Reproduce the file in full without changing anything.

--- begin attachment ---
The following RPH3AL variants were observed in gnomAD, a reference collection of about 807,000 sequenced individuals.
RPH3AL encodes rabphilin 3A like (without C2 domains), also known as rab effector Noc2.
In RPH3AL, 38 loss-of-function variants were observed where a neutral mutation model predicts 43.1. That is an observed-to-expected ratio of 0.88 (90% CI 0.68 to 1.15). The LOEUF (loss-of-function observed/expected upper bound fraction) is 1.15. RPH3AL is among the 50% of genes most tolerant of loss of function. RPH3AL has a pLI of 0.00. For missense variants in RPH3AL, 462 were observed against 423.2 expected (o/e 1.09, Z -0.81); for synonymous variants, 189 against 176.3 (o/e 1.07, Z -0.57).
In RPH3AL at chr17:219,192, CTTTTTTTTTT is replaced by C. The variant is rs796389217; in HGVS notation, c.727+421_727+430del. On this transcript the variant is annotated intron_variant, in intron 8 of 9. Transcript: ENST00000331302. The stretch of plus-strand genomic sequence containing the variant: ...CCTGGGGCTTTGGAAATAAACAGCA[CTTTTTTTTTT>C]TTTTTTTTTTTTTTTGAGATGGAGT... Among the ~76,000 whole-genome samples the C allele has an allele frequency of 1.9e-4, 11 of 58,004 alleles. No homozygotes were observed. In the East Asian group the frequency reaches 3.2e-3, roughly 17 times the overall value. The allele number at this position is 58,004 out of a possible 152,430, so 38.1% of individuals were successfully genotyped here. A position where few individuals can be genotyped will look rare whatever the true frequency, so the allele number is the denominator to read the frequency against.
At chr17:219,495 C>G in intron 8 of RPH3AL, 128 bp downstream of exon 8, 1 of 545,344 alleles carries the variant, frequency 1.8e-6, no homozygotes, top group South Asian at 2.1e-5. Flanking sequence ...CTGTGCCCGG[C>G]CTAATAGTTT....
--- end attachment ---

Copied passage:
The following RPH3AL variants were observed in gnomAD, a reference collection of about 807,000 sequenced individuals.
RPH3AL encodes rabphilin 3A like (without C2 domains), also known as rab effector Noc2.
In RPH3AL, 38 loss-of-function variants were observed where a neutral mutation model predicts 43.1. That is an observed-to-expected ratio of 0.88 (90% CI 0.68 to 1.15). The LOEUF (loss-of-function observed/expected upper bound fraction) is 1.15. RPH3AL is among the 50% of genes most tolerant of loss of function. RPH3AL has a pLI of 0.00. For missense variants in RPH3AL, 462 were observed against 423.2 expected (o/e 1.09, Z -0.81); for synonymous variants, 189 against 176.3 (o/e 1.07, Z -0.57).
In RPH3AL at chr17:219,192, CTTTTTTTTTT is replaced by C. The variant is rs796389217; in HGVS notation, c.727+421_727+430del. On this transcript the variant is annotated intron_variant, in intron 8 of 9. Transcript: ENST00000331302. The stretch of plus-strand genomic sequence containing the variant: ...CCTGGGGCTTTGGAAATAAACAGCA[CTTTTTTTTTT>C]TTTTTTTTTTTTTTTGAGATGGAGT... Among the ~76,000 whole-genome samples the C allele has an allele frequency of 1.9e-4, 11 of 58,004 alleles. No homozygotes were observed. In the East Asian group the frequency reaches 3.2e-3, roughly 17 times the overall value. The allele number at this position is 58,004 out of a possible 152,430, so 38.1% of individuals were successfully genotyped here. A position where few individuals can be genotyped will look rare whatever the true frequency, so the allele number is the denominator to read the frequency against.
At chr17:219,495 C>G in intron 8 of RPH3AL, 128 bp downstream of exon 8, 1 of 545,344 alleles carries the variant, frequency 1.8e-6, no homozygotes, top group South Asian at 2.1e-5. Flanking sequence ...CTGTGCCCGG[C>G]CTAATAGTTT....